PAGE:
In honor of World Wildlife Day, WildAid is launching a series of advertisements highlighting the plight of endangered species, a result of poaching to meet consumer demand for wildlife products such as elephant ivory, rhino horns, shark fin, tiger parts and helmeted hornbill casques. The advertisements released today feature the five species and ask the public to react against wildlife trade by refusing wildlife products and reporting illegal wildlife crime to authorities.

Like many markets, trade in wildlife and wildlife products is shifting online. TRAFFIC’s monitoring of 31 websites and e-commerce platforms in China between 2012 and 2016 found ivory was the most-advertised wildlife product (60%), while rhino horns and associated products were the second most-traded products (20%). In the last few years, social media has also played a role in fostering the illegal wildlife trade because of the platform’s popularity and reach. A more recent study in Indonesia, Thailand and Vietnam recorded 2,489 ivory items for sale in 545 posts on social media platforms over the span of just five days in July 2019.

The series of advertisements launched through social media is in response to the increasing market and accessibility of wildlife products on popular platforms. The concept of the advertisements was developed pro bono by BBDO Bangkok, Thailand’s leading creative and advertising agency. The #ReactAgainstWildlifeTrade campaign uses a familiar “angry reaction” emoji to illustrate the message that killing endangered species for their parts is unacceptable and this senseless poaching should evoke anger in us all. The campaign was developed based on WildAid’s slogan “When the buying stops, the killing can too,” with an aim to encourage people to REACT against any wildlife trade on their social media channels, putting social pressure on those who are consuming or selling wildlife products.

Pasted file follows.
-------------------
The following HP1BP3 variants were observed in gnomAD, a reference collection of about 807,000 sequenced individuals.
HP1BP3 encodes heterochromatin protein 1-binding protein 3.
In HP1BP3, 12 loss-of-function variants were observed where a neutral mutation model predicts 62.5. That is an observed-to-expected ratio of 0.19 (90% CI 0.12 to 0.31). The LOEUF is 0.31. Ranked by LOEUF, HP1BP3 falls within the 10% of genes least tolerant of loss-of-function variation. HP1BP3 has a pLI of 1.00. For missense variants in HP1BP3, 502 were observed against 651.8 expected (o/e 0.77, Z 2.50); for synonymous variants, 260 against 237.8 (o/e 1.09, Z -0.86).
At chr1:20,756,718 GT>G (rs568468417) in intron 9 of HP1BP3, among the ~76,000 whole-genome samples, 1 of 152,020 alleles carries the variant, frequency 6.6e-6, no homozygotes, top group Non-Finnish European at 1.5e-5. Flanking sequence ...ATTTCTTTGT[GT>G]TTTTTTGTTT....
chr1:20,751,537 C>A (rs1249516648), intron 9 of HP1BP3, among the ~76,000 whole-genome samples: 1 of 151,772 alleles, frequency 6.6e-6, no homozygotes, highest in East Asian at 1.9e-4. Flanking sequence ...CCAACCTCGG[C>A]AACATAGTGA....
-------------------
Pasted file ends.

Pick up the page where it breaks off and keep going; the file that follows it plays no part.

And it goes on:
The illegal wildlife trade is a multi-billion dollar global industry largely driven by consumer demand in expanding economies. The demand for illegal wildlife is highest in Asia, where owning or consuming wildlife products is reflective of status, wealth, or purported health benefits.

For 20 years, WildAid has been campaigning to end the demand for illegal wildlife products using the same technique as top advertisers and delivering high-impact media campaigns. The campaigns are featured on broadcast television and radio, on trains and airplanes, at bus stops and subway stations, and on online platforms, adapting to shifting trends in the wildlife market.

“WildAid’s campaigns are designed keeping in mind cultural and consumer insights, and the latest trends for maximum impact. As a result, there have been significant drops in prices and consumption of endangered species products, such as ivory, rhino horn and shark fin,” said John Baker, Chief Program Officer at WildAid. “We hope that these ads will continue to help increase unacceptability of trading and posting wildlife products online, as well as offline.”